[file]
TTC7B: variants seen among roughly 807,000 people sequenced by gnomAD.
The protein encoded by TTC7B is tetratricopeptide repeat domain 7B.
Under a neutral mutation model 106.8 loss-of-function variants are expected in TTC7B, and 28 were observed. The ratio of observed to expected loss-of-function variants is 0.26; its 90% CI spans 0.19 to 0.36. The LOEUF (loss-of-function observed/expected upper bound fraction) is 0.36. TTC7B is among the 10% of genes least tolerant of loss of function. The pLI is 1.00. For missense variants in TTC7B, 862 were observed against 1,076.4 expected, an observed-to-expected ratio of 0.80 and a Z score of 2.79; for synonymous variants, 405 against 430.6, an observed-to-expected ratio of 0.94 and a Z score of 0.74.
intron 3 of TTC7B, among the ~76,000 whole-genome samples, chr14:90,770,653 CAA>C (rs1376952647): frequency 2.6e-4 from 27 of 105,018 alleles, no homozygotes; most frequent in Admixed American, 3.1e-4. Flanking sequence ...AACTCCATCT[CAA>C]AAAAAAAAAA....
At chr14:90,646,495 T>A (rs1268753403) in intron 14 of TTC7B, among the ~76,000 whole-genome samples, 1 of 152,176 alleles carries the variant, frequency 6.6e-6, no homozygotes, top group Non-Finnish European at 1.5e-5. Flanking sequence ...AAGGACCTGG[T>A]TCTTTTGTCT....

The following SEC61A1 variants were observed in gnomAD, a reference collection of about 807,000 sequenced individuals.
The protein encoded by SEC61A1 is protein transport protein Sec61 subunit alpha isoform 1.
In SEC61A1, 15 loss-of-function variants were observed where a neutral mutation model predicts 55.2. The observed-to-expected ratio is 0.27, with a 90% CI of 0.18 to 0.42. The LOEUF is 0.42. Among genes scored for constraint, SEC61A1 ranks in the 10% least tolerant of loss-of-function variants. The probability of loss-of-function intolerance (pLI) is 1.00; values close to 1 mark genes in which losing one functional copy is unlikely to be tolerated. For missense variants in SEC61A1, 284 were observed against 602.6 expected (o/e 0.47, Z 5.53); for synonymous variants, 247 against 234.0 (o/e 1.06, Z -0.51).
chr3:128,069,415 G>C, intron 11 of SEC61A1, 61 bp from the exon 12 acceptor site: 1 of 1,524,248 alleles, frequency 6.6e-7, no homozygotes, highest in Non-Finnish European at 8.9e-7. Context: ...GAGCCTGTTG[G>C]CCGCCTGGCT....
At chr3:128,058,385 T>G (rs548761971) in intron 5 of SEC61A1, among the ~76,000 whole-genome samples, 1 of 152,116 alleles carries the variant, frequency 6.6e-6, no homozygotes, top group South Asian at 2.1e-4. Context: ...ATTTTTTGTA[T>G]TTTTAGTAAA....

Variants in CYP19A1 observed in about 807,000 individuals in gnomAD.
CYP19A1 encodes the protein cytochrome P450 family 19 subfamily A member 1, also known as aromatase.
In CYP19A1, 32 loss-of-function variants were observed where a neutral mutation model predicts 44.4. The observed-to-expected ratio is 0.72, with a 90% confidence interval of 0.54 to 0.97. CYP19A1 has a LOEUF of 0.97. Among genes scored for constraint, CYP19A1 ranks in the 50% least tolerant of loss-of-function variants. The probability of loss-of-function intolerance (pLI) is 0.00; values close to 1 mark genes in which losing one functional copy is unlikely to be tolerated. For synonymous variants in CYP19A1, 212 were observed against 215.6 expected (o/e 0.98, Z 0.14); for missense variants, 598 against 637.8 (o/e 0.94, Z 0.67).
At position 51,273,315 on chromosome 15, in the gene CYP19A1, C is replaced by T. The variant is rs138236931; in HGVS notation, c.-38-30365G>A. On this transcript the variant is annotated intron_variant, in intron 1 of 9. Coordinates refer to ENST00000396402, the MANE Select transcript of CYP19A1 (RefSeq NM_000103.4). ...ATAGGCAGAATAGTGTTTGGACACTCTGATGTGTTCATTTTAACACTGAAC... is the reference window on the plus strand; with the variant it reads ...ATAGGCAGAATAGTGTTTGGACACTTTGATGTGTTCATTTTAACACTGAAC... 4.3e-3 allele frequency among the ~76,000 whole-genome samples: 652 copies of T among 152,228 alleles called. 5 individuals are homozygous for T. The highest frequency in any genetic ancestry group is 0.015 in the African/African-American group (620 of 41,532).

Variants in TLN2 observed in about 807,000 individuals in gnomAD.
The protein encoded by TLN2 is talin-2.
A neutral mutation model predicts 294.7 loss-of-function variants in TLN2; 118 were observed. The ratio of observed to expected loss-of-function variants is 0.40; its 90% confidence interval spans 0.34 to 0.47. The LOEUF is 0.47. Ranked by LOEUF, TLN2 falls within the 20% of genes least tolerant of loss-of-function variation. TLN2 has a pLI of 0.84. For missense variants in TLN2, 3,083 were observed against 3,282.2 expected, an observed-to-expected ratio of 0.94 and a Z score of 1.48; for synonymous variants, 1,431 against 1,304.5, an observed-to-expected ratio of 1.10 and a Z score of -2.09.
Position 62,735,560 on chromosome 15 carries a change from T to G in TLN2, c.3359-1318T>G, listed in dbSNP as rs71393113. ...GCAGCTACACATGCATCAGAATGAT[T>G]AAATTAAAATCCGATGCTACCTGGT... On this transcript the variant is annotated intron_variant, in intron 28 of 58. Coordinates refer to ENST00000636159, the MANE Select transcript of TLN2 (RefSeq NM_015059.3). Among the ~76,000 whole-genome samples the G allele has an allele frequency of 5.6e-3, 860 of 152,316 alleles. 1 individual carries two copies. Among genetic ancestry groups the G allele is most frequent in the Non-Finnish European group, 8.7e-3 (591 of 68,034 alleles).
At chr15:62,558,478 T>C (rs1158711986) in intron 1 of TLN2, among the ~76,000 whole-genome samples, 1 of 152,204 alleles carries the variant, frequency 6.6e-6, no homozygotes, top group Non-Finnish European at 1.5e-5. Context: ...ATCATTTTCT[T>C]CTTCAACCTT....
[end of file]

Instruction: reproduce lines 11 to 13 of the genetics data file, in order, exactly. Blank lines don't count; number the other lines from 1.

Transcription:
Variants in CYP19A1 observed in about 807,000 individuals in gnomAD.
CYP19A1 encodes the protein cytochrome P450 family 19 subfamily A member 1, also known as aromatase.
In CYP19A1, 32 loss-of-function variants were observed where a neutral mutation model predicts 44.4. The observed-to-expected ratio is 0.72, with a 90% confidence interval of 0.54 to 0.97. CYP19A1 has a LOEUF of 0.97. Among genes scored for constraint, CYP19A1 ranks in the 50% least tolerant of loss-of-function variants. The probability of loss-of-function intolerance (pLI) is 0.00; values close to 1 mark genes in which losing one functional copy is unlikely to be tolerated. For synonymous variants in CYP19A1, 212 were observed against 215.6 expected (o/e 0.98, Z 0.14); for missense variants, 598 against 637.8 (o/e 0.94, Z 0.67).